Though the treaty was intended to save the union, hardliners feared that it would encourage some of the smaller republics to follow the lead of Lithuania and press for full independence. On August 18, the hardliners took control of the government after confining Gorbachev in his Crimean dacha in order to stop him from returning to Moscow to sign the treaty. The August Coup collapsed in the face of overwhelming opposition not only from the smaller republics but from larger ones, especially Russia.

Because the treaty was ultimately not signed, even in the aftermath of Ukrainian independence in December, the leaders of the republics organized the Commonwealth of Independent States, an alliance of 12 newly independent states. The Baltic states never joined the CIS and Georgia was not a member until 1993, but withdrew in 2008.

Names of the proposed state

On the first draft of the treaty released in July 1991, the proclaimed name for the new polity was the Union of Soviet Sovereign Republics (Russian: ? ? , romanized: Soyuz Sovetskikh Suverennykh Respublik). This name was proposed in order to conserve the Russian "?" acronym, as well as the "USSR" and "Soviet Union" in English and other languages.

By September 1991, the overall support for preserving the Soviet state changed to reform the Soviet Union into a confederation of sovereign states. The final draft renamed the proposed state the Union of Sovereign States (Russian: ? ? ?, romanized: Soyuz Suverennykh Gosudarstv). The overall chances of a continuation of the Soviet system in any form continued to drop and was soon abandoned. Following the August coup, the new union treaty was further reformed into the Commonwealth of Independent States.

Projected member republics and ASSR

Republics that rejected the Treaty

See also

References

  1. ^ Professor Gerhard Rempel, Department of History, Western New England College (1996-02-02). "Gorbachev and Perestroika". Mars.wnec.edu. Archived from the original on August 28, 2008. Retrieved .CS1 maint: multiple names: authors list (link)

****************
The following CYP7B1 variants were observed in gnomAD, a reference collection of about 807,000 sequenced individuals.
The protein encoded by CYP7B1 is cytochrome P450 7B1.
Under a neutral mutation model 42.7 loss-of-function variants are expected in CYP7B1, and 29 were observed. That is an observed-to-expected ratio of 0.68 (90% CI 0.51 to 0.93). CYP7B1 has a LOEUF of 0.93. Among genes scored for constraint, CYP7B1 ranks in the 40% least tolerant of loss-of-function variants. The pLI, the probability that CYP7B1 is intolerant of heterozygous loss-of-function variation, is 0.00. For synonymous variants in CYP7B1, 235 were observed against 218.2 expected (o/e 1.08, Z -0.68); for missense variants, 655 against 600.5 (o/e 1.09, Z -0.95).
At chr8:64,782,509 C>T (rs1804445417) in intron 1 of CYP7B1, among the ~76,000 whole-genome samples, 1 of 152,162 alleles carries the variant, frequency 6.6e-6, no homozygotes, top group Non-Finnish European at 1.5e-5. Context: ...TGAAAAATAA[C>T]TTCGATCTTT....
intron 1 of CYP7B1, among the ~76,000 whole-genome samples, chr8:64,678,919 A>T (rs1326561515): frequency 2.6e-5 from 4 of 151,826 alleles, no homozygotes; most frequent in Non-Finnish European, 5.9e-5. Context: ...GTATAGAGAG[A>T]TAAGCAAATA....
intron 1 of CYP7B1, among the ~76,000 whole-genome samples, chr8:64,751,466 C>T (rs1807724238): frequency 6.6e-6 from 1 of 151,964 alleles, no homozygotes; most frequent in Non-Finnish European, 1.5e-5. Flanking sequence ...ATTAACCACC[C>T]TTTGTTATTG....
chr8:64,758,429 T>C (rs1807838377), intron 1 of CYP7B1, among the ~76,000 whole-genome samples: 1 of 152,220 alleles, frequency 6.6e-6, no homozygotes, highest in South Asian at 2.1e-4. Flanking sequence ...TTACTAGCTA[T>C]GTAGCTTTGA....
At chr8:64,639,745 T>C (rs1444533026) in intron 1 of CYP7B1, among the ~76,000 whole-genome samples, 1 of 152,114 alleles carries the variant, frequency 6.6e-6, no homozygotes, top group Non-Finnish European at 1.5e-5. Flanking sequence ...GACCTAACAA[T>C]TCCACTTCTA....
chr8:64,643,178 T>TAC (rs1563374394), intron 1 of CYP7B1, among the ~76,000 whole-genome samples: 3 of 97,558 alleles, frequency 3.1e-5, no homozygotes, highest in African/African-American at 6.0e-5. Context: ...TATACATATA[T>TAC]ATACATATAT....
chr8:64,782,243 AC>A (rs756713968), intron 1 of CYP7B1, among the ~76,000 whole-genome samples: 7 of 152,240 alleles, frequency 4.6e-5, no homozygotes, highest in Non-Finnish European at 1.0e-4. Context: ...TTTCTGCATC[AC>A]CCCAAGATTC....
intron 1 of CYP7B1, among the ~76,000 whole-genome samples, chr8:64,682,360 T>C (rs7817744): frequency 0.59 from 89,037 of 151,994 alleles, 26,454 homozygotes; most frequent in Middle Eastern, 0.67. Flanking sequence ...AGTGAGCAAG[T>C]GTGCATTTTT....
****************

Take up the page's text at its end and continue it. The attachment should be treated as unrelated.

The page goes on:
2. ^ Mikhail Gorbachev, Perestroika (New York: Harper Collins, 1987), quoted in Mark Kishlansky, ed., Sources of the West: Readings in Western Civilization, 4th ed., vol. 2 (New York: Longman, 2001), p. 322.
  3. ^ Kotkin, Stephen (2001). Armageddon Averted. Oxford University Press.
  4. ^ Katrina vanden Heuvel & Stephen F. Cohen. (November 16, 2009). "Gorbachev on 1989". Thenation.com. Archived from the original on May 25, 2012.
  5. ^ "Leningrad under Gorbachev: Perestroika and the fall of Communism (1984-1991)".
  6. ^ Bill, Keller (1987-06-04). "New struggle in the Kremlin: How to change the economy". The New York Times. Retrieved 2017.
  7. ^ Brooks, Karen M. (1988). The Law on Cooperatives, Retail Food Prices, and the Farm Financial Crisis in the U.S.S.R. (PDF). University of Minnesota. Department of Agricultural and Applied Economics. Retrieved on 14 August 2009.
  8. ^ " ?". agitclub.ru. Archived from the original on 2020-11-04.
  9. ^ "IMF World Economic Outlook Database April 2006". International Monetary Fund. 2003-04-29. Retrieved .
  10. ^ David Stuckler and Sanjay Basu, The Body Economic: Why Austerity Kills (NY: Basic Books, 2013), 31. ISBN 0465063977
  11. ^ Susan L. Shirk in The Political Logic of Economic Reform in China, University of California, Berkeley and Los Angeles, 1993. ISBN 0-520-07706-7.
  12. ^ Gorbachev (1996), pp. 494-495
  13. ^ Gorbachev (1996), p. 188
  14. ^ "On Reorganization and the Party's Personnel Policy". Pravda (in Russian). January 27, 1987. (Gorbachev's report to the Plenum of the Central Committee of the CPSU).
  15. ^ a b Mishota, Yugina; Mantovani, Manuela; Pietrobon, Alessandra (January 31, 2019). The right of peoples to self-determination in the Post Soviet area: the case of Abkhazia (PDF). University of Padua, Faculty of International Private and Labour Law. pp. 22, 18. OCLC 1138915891. Archived (PDF) from the original on July 20, 2021. (PhD thesis).
  16. ^ Gidadhubli, R. G. (1987, May 02). Perestroika and glasnost. Retrieved from https://www.jstor.org/stable/4376986
  17. ^ McForan, D.W.J. (Autumn 1988). "Glasnost, Democracy, and Perestroika". International Social Science Review. 63 (4): 166. JSTOR 41881835.
  18. ^ LaFeber, Walter (2002). America, Russia, and the Cold War, 1945-2000. New York, New York: McGraw Hill.

Further reading

External links

Preceded by
Brezhnev stagnation
History of Russia
History of the Soviet Union

10 March 1985 - 25 December 1991
Succeeded by
Dissolution of the USSR
In Russia:
Yeltsinism

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Perestroika